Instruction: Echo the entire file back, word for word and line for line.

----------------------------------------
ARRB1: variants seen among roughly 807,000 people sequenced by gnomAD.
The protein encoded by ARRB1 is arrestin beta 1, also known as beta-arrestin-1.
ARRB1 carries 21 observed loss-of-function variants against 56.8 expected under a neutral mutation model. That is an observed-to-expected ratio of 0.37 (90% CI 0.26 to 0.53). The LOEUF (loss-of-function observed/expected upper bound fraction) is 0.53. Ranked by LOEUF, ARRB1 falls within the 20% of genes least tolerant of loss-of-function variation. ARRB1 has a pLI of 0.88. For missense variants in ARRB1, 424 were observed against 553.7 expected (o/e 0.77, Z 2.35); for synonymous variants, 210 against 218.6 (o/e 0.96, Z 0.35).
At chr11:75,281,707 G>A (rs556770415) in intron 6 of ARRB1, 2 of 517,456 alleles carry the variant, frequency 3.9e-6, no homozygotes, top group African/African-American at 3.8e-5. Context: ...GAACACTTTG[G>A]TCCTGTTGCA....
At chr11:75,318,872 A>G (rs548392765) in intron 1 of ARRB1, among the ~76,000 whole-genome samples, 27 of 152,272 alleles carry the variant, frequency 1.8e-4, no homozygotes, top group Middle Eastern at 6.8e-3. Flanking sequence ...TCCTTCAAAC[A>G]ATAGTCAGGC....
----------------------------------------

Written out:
ARRB1: variants seen among roughly 807,000 people sequenced by gnomAD.
The protein encoded by ARRB1 is arrestin beta 1, also known as beta-arrestin-1.
ARRB1 carries 21 observed loss-of-function variants against 56.8 expected under a neutral mutation model. That is an observed-to-expected ratio of 0.37 (90% CI 0.26 to 0.53). The LOEUF (loss-of-function observed/expected upper bound fraction) is 0.53. Ranked by LOEUF, ARRB1 falls within the 20% of genes least tolerant of loss-of-function variation. ARRB1 has a pLI of 0.88. For missense variants in ARRB1, 424 were observed against 553.7 expected (o/e 0.77, Z 2.35); for synonymous variants, 210 against 218.6 (o/e 0.96, Z 0.35).
At chr11:75,281,707 G>A (rs556770415) in intron 6 of ARRB1, 2 of 517,456 alleles carry the variant, frequency 3.9e-6, no homozygotes, top group African/African-American at 3.8e-5. Context: ...GAACACTTTG[G>A]TCCTGTTGCA....
At chr11:75,318,872 A>G (rs548392765) in intron 1 of ARRB1, among the ~76,000 whole-genome samples, 27 of 152,272 alleles carry the variant, frequency 1.8e-4, no homozygotes, top group Middle Eastern at 6.8e-3. Flanking sequence ...TCCTTCAAAC[A>G]ATAGTCAGGC....